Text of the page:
South Africa has pointed to a reduced harvest and competition at the cheaper end of the market for a 17% fall in wine exports last year.
The country shipped 306.3m litres of wine in 2023, down 16.9% on a year earlier, according to data issued by promotional body Wines of South Africa.
Last year’s decline follows a 5% fall in 2022. When measured in rands, the value of the exports inched up 0.9% to R10bn ($532m). The depreciation in the rand over the last year means export revenues dropped 11% to $540m.
South Africa’s 2023 wine harvest saw production volumes drop 14%. Wines of South Africa said “excessive stocks” in countries in the northern and southern hemispheres had an “adverse effect” on prices.
“This can especially be seen at the lower- and entry-level segment of the wine markets where trading is particularly competitive and pricing within this commodity sector leading to a ripple effect throughout the value chain,” the organisation said in a statement.
Packaged wine exports declined 17% to 117.1m litres. Shipments of bulk wine dropped 16.9% to 189.2m litres.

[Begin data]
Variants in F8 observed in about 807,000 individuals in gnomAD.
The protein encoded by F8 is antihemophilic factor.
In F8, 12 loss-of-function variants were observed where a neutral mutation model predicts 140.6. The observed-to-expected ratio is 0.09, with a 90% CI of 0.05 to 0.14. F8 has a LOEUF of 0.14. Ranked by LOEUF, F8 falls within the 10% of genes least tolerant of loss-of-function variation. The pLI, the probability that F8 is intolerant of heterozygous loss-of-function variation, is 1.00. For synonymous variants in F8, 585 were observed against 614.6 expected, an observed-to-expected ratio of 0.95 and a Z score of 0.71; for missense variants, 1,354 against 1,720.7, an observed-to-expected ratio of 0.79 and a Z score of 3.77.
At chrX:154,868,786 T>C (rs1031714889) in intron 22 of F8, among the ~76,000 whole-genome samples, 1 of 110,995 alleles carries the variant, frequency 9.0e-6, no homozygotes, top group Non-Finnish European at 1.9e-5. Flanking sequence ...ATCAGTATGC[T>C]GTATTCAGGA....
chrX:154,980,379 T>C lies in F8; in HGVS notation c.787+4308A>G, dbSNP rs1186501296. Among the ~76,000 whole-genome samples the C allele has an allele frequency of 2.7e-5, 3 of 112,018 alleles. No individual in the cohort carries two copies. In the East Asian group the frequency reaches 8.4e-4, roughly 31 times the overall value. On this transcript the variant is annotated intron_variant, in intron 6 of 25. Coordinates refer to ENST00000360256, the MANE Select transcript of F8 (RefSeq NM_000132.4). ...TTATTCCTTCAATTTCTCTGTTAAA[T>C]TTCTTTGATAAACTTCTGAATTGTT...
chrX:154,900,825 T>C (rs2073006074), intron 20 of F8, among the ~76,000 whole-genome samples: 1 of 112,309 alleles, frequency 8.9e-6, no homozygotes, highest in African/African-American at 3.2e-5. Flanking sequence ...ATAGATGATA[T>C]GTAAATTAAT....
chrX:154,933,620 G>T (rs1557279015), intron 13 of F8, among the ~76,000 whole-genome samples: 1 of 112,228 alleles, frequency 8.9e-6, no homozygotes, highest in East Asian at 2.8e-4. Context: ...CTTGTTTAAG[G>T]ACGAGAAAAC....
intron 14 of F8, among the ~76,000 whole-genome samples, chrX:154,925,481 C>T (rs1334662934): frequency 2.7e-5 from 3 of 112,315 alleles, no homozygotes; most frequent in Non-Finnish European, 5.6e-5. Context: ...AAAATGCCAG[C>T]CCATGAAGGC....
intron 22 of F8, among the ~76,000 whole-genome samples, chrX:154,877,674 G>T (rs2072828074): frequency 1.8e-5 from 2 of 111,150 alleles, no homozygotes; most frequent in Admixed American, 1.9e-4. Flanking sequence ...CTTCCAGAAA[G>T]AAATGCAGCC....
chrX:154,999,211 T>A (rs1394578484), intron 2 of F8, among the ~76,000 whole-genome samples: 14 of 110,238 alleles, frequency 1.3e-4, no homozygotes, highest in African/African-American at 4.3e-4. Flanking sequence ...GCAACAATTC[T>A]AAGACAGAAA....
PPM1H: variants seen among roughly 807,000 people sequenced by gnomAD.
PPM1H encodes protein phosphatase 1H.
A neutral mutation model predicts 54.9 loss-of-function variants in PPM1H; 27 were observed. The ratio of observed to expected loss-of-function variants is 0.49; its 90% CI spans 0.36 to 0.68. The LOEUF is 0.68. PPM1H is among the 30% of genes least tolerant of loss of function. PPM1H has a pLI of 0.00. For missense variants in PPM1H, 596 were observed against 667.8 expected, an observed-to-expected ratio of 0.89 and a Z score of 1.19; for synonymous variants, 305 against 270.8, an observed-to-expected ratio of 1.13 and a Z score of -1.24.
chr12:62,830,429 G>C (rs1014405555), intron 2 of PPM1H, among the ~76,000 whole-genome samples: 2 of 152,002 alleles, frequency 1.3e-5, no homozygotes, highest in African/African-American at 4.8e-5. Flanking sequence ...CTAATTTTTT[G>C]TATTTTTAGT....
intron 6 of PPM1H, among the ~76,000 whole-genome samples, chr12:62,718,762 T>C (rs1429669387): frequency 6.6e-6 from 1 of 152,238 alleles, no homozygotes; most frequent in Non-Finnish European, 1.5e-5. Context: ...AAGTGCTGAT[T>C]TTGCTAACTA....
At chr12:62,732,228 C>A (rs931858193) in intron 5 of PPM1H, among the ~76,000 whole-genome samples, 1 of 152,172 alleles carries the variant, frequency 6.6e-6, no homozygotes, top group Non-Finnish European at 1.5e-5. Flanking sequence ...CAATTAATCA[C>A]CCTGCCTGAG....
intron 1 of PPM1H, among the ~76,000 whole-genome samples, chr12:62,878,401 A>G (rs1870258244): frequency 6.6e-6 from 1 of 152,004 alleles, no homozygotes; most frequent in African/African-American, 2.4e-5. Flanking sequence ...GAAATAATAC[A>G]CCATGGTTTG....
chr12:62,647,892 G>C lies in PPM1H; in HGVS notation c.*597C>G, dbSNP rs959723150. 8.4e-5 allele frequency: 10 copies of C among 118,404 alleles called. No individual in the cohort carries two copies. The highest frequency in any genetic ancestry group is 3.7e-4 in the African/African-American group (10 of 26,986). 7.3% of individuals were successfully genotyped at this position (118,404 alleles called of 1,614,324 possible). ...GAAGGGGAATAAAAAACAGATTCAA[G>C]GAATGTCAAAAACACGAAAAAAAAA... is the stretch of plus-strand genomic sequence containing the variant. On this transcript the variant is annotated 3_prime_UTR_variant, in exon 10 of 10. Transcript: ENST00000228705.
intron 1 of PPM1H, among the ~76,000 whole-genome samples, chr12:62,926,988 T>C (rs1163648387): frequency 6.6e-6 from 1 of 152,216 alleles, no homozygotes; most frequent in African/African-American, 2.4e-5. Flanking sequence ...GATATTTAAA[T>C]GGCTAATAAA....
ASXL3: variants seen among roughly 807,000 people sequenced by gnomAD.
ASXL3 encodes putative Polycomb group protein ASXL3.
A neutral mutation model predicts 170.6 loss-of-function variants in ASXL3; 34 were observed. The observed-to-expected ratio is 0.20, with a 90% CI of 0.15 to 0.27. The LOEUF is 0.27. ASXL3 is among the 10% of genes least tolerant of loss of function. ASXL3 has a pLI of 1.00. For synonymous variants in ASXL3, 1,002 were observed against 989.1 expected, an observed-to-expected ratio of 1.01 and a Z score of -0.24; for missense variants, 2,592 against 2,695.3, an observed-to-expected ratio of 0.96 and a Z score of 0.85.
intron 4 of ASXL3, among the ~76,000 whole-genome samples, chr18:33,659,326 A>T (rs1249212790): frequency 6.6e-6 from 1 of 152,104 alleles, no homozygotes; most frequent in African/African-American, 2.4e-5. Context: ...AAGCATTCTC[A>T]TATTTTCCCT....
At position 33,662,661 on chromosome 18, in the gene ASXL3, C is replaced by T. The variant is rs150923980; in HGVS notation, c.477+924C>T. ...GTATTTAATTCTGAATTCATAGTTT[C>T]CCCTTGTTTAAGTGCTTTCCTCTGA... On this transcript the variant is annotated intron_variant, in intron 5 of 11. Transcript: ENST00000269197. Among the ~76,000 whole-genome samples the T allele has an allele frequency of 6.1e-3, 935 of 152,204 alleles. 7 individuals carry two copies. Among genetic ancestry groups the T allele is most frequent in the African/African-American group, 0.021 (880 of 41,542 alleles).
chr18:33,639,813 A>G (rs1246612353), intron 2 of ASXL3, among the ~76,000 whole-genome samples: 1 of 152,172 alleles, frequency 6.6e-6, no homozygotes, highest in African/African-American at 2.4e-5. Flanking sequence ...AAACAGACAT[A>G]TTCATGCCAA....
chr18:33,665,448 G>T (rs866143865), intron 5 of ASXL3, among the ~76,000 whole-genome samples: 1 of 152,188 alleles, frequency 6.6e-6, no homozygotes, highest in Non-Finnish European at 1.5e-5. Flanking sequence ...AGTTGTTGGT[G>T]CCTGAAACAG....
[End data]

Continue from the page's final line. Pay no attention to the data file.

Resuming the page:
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The UK is the largest market for South African wine. Packaged exports fell 8% to 28.6m litres, while bulk shipments dipped 1% to 65m litres. Overall, exports to the UK decreased 3% year on year.
Of the five largest markets for South African wine, shipments to Germany, France and Canada all fell. However, exports to Belgium were up 32% at 18.1m litres, taking the country to third place in the list of the country’s biggest customers. Packaged and bulk sales to Belgium both increased, with bulk shipments rising 41%.
Wines of South Africa CEO Siobhan Thompson said: “Quality remains our focus and the consistency that we have seen, along with viticultural improvements, embracing new technologies both in the vineyards and cellars, will allow for the continued upward trajectory in this regard. This is why buyers remain confident in their support of our wines.”
Chardonnay remains the most exported white varietal from South Africa. Volumes fell 28% to 23.5m litres but the price per litre secured for the wine rose 31%, the Wines of South Africa data showed.
Among reds, Shiraz was the most sold product, although volumes dropped 14% to 14.2m litres. The price per litre of Shiraz sold in export markets climbed 19%.